Going back to last September has been work for Meson-izing Mesa as an alternative build system rather than Autotools, CMake, or SCons within Mesa. It's been delivering fast results and since the initial port landed more Mesa components have become supported by the Meson build.

  • Server-Side GLVND Updated While X.Org Server 1.20 Drags On

    Adam Jackson of Red Hat has sent out the second version of the ongoing patches for providing server-side GLVND functionality for the X.Org Server.

    Most of you faithful Phoronix readers should be familiar with GLVND, the OpenGL Vendor Neutral Dispatch Library. That's the effort led by NVIDIA and supported by others in the ecosystem for improving the "Linux OpenGL driver ABI" by allowing for multiple OpenGL drivers to happily co-exist on the same system without fighting over libGL.so. and the like. That's been going well but server-side GLVND for the X.Org Server takes things a step further.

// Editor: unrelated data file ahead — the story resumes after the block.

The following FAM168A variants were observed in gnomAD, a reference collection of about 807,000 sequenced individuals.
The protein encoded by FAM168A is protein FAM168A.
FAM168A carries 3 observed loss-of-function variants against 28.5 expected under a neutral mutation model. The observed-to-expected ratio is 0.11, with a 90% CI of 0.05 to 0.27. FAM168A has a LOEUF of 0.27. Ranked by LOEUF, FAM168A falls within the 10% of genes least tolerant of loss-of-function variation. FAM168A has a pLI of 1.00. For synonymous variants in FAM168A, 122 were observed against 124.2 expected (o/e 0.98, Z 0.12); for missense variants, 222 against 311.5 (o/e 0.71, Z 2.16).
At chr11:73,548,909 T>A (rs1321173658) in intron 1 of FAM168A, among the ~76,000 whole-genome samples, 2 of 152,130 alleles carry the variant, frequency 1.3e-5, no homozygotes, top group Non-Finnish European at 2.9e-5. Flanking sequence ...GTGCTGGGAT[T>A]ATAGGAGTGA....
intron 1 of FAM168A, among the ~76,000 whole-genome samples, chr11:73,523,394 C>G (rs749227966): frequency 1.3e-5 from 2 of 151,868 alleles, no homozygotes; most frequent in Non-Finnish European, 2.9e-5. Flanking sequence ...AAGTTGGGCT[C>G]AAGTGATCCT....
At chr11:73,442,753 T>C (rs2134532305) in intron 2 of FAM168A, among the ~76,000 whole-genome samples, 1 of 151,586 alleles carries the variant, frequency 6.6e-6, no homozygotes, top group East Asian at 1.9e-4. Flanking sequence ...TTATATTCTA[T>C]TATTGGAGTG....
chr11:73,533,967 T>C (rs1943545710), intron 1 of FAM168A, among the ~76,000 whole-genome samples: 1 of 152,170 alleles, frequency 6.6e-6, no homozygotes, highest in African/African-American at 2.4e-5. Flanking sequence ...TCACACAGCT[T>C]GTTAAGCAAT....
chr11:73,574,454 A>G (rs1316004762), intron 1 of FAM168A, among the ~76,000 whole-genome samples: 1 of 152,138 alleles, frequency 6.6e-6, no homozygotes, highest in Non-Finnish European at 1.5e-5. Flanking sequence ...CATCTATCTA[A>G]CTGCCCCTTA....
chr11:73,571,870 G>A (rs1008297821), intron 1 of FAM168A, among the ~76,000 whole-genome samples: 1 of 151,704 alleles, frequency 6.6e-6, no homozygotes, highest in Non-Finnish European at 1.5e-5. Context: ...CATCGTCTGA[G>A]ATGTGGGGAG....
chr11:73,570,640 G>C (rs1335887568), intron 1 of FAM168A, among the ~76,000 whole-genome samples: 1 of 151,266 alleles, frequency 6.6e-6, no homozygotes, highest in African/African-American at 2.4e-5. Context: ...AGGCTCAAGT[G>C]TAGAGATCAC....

• A Look At Linux Hardware/Software Trends Over The Past Seven Years

    Here are some Linux hardware and software statistics going back to 2011.

Software: OpenGenus, StackEdit, Lightworks

Filed under
Software
  • OpenGenus Quark: The World’s First Offline Search Engine To Search Code

    You’re searching a code for your project online and the Internet connection is suddenly dropped. What would you do? Just sitting idle and waiting for the Internet connection to be back? Not necessary! Now, you can search your favorite code written in any language even if there is no Internet connection. Sounds awesome? Indeed! Say hello to “OpenGenus Quark” – the World’s first Offline Search Engine that helps you to search code for any algorithm or data-structure in your favorite language in seconds. Be it a C++ code, or Java or Python, OpenGenus Quark will instantly display a lot of sample codes in a matter of second. OpenGenus community is constantly adding more codes everyday. So if the code you’re looking for is not available, no worries! Just mail them and they will take care of it.